The case that you just read involving Shi Tao and Yahoo’s involvement in his prosecution for divulging “state secrets.” He was sentenced to 10 years in prison, and it may well not have happened at all if Yahoo had not breached his privacy to provide that identifying information to the Chinese government. It certainly seems as if a stronger consideration of individual privacy would have been beneficial in this case. As long as a government is able to crack-down on dissent it will be able to squelch any attempts to become more democratic.
In discussing Johnson's argument, it seemed that the best we could do was to cast privacy as a social good which benefits everyone by making it possible to have a democratic government. Shi Tao, however, does not live in a democracy. China is (roughly speaking) a communist country, and privacy might not be viewed as a social good in a nation of that sort. That doesn't mean that we should ignore the privacy of people in non-democratic states, though. There might be other ways to defend the right to privacy.
In the USA, the "right to privacy" is not explicit. It can be inferred from the 4th and 5th amendments to the US Constitution which protect against unreasonable search and seizure and self-incrimination. Some right to privacy seems to be assumed by these amendments, and by other rulings made in various courts. It does seem reasonable to think that there are just some things which we may keep private. Unfortunately for Shi Tao, he lives in China and is not an American citizen so these laws do not apply to him.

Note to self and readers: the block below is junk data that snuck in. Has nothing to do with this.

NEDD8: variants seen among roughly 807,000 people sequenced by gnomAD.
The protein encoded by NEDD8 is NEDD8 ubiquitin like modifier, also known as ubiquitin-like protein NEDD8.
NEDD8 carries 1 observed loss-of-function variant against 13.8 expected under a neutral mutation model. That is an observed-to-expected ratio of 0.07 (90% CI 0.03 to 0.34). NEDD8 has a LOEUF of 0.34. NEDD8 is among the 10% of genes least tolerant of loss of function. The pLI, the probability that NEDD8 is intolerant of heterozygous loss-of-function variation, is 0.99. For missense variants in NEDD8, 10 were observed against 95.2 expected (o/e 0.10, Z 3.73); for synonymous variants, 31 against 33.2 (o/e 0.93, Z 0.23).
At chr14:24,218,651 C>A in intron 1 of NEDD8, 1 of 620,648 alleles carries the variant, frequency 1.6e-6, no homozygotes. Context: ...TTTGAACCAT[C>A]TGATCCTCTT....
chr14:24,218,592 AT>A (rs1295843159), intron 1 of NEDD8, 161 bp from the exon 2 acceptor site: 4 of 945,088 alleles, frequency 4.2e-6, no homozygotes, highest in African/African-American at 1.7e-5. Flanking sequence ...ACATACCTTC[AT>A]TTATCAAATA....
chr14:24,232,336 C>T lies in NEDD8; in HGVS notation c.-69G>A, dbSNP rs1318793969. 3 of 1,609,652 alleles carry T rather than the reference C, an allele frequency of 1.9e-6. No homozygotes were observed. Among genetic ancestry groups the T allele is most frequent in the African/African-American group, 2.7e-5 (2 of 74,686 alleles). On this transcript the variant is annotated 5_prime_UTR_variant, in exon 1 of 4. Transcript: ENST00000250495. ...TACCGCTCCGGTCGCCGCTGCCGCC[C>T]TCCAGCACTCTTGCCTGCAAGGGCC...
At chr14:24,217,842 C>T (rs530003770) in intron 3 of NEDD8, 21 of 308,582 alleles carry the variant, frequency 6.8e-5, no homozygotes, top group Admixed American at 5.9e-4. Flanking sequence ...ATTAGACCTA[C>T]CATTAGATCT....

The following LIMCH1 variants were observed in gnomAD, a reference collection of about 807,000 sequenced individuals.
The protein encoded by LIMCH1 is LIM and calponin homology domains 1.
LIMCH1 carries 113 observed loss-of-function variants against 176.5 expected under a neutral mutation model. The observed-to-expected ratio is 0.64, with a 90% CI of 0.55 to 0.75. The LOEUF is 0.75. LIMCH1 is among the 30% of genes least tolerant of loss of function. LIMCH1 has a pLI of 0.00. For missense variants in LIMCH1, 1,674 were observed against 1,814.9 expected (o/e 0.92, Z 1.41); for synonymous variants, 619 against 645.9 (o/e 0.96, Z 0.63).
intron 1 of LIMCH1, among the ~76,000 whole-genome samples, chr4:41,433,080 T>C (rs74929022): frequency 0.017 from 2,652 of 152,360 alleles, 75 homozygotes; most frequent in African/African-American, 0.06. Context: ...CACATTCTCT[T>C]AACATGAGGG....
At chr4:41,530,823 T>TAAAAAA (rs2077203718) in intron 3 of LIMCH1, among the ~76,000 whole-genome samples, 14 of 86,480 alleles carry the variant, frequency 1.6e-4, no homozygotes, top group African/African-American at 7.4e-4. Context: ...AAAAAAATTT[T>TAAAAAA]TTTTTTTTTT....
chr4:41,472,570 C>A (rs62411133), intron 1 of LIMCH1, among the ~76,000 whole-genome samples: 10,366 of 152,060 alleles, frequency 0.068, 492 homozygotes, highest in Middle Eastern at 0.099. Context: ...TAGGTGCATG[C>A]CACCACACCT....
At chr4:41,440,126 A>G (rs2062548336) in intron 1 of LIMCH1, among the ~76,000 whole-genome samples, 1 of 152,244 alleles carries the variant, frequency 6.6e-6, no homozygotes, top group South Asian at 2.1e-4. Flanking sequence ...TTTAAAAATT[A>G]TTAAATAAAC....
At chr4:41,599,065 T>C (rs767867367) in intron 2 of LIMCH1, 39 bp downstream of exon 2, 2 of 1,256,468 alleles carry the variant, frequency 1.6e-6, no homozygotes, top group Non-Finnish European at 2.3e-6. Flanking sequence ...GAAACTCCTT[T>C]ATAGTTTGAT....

For this reason, some have called the right to privacy a human right. Human rights are roughly equivalent to the natural rights that we discussed in Module 2. The argument could be made that some privacy is necessary to live a decent human life, and so we have the right to some privacy. Humans are social animals, but we're also inclined to keep many things to ourselves or to demand the ability to dole out information and access to our lives as we see fit. This argument applies more cleanly to the Shi Tao case because a human right is one which accrues to all persons regardless of where they are or what their local laws are. According to this argument, then, Yahoo should not have given Shi Tao's information to the Chinese government because that would be a violation of his human rights.
So, how is our own situation like Shi Tao’s? Well, we’re not in prison and we live in a much more liberal democracy , so we don’t have to worry as much about what we say and do in less-than-private circumstances. The same principles apply to us even if the circumstances are less dire. Put yourself into the shoes of a person who has privacy on the level that Shi Tao did. How likely are you to say or do things which would set you apart from the people around you? Would that sort of life be one with more or less freedom than your current circumstances? Would it be a life that is acceptable to you? If it would not be, then perhaps we should guard our privacy more closely than we have been.
Give some thought about how these arguments and examples change your view of privacy. Is it more important to you than it was before?